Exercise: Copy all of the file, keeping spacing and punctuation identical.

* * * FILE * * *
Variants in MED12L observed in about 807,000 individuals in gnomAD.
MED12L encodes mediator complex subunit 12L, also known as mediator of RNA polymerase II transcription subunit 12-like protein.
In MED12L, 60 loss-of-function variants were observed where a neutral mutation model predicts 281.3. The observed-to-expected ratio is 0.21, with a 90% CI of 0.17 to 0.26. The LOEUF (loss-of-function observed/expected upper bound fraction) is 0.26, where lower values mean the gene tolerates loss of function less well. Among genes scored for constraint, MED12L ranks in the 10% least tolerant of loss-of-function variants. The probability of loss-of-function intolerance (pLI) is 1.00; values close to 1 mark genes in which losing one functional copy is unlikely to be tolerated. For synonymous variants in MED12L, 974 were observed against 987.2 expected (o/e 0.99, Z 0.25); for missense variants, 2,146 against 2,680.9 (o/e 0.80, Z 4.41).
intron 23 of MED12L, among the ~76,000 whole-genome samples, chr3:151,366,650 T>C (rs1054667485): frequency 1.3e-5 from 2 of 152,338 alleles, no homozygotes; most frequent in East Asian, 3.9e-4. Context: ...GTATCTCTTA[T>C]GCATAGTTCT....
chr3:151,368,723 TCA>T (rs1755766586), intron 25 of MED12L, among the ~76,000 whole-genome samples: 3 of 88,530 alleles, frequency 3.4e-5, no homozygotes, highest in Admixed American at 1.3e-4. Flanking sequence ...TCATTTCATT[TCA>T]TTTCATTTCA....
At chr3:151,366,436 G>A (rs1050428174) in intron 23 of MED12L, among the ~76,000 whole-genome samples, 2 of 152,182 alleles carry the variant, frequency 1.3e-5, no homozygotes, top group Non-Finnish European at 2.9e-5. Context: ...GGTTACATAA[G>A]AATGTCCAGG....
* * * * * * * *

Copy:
Variants in MED12L observed in about 807,000 individuals in gnomAD.
MED12L encodes mediator complex subunit 12L, also known as mediator of RNA polymerase II transcription subunit 12-like protein.
In MED12L, 60 loss-of-function variants were observed where a neutral mutation model predicts 281.3. The observed-to-expected ratio is 0.21, with a 90% CI of 0.17 to 0.26. The LOEUF (loss-of-function observed/expected upper bound fraction) is 0.26, where lower values mean the gene tolerates loss of function less well. Among genes scored for constraint, MED12L ranks in the 10% least tolerant of loss-of-function variants. The probability of loss-of-function intolerance (pLI) is 1.00; values close to 1 mark genes in which losing one functional copy is unlikely to be tolerated. For synonymous variants in MED12L, 974 were observed against 987.2 expected (o/e 0.99, Z 0.25); for missense variants, 2,146 against 2,680.9 (o/e 0.80, Z 4.41).
intron 23 of MED12L, among the ~76,000 whole-genome samples, chr3:151,366,650 T>C (rs1054667485): frequency 1.3e-5 from 2 of 152,338 alleles, no homozygotes; most frequent in East Asian, 3.9e-4. Context: ...GTATCTCTTA[T>C]GCATAGTTCT....
chr3:151,368,723 TCA>T (rs1755766586), intron 25 of MED12L, among the ~76,000 whole-genome samples: 3 of 88,530 alleles, frequency 3.4e-5, no homozygotes, highest in Admixed American at 1.3e-4. Flanking sequence ...TCATTTCATT[TCA>T]TTTCATTTCA....
At chr3:151,366,436 G>A (rs1050428174) in intron 23 of MED12L, among the ~76,000 whole-genome samples, 2 of 152,182 alleles carry the variant, frequency 1.3e-5, no homozygotes, top group Non-Finnish European at 2.9e-5. Context: ...GGTTACATAA[G>A]AATGTCCAGG....